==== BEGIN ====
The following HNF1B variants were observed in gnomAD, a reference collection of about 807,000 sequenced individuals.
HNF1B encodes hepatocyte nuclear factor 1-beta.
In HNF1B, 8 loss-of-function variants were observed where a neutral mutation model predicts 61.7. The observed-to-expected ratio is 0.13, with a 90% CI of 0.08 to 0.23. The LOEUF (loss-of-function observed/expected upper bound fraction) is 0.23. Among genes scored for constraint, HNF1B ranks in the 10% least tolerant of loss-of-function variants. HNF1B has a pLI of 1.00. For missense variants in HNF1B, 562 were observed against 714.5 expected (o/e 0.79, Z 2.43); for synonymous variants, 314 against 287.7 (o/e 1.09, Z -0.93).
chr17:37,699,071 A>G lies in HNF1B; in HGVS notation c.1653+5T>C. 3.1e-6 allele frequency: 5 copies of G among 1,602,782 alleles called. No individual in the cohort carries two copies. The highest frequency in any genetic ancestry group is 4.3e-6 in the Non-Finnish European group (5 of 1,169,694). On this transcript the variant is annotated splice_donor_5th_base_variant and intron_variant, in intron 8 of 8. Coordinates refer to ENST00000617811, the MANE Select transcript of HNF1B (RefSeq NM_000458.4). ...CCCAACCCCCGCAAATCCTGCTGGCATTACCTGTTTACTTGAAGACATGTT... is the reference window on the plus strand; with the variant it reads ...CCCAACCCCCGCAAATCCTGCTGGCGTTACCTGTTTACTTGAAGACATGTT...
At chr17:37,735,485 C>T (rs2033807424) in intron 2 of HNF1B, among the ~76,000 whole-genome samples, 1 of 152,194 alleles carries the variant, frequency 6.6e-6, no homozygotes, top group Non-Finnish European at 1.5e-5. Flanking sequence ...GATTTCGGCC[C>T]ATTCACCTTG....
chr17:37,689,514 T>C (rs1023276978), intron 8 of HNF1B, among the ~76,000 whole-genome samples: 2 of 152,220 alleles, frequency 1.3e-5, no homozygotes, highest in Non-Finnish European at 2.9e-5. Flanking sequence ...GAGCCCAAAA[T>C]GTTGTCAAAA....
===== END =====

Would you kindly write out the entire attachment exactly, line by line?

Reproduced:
The following HNF1B variants were observed in gnomAD, a reference collection of about 807,000 sequenced individuals.
HNF1B encodes hepatocyte nuclear factor 1-beta.
In HNF1B, 8 loss-of-function variants were observed where a neutral mutation model predicts 61.7. The observed-to-expected ratio is 0.13, with a 90% CI of 0.08 to 0.23. The LOEUF (loss-of-function observed/expected upper bound fraction) is 0.23. Among genes scored for constraint, HNF1B ranks in the 10% least tolerant of loss-of-function variants. HNF1B has a pLI of 1.00. For missense variants in HNF1B, 562 were observed against 714.5 expected (o/e 0.79, Z 2.43); for synonymous variants, 314 against 287.7 (o/e 1.09, Z -0.93).
chr17:37,699,071 A>G lies in HNF1B; in HGVS notation c.1653+5T>C. 3.1e-6 allele frequency: 5 copies of G among 1,602,782 alleles called. No individual in the cohort carries two copies. The highest frequency in any genetic ancestry group is 4.3e-6 in the Non-Finnish European group (5 of 1,169,694). On this transcript the variant is annotated splice_donor_5th_base_variant and intron_variant, in intron 8 of 8. Coordinates refer to ENST00000617811, the MANE Select transcript of HNF1B (RefSeq NM_000458.4). ...CCCAACCCCCGCAAATCCTGCTGGCATTACCTGTTTACTTGAAGACATGTT... is the reference window on the plus strand; with the variant it reads ...CCCAACCCCCGCAAATCCTGCTGGCGTTACCTGTTTACTTGAAGACATGTT...
At chr17:37,735,485 C>T (rs2033807424) in intron 2 of HNF1B, among the ~76,000 whole-genome samples, 1 of 152,194 alleles carries the variant, frequency 6.6e-6, no homozygotes, top group Non-Finnish European at 1.5e-5. Flanking sequence ...GATTTCGGCC[C>T]ATTCACCTTG....
chr17:37,689,514 T>C (rs1023276978), intron 8 of HNF1B, among the ~76,000 whole-genome samples: 2 of 152,220 alleles, frequency 1.3e-5, no homozygotes, highest in Non-Finnish European at 2.9e-5. Flanking sequence ...GAGCCCAAAA[T>C]GTTGTCAAAA....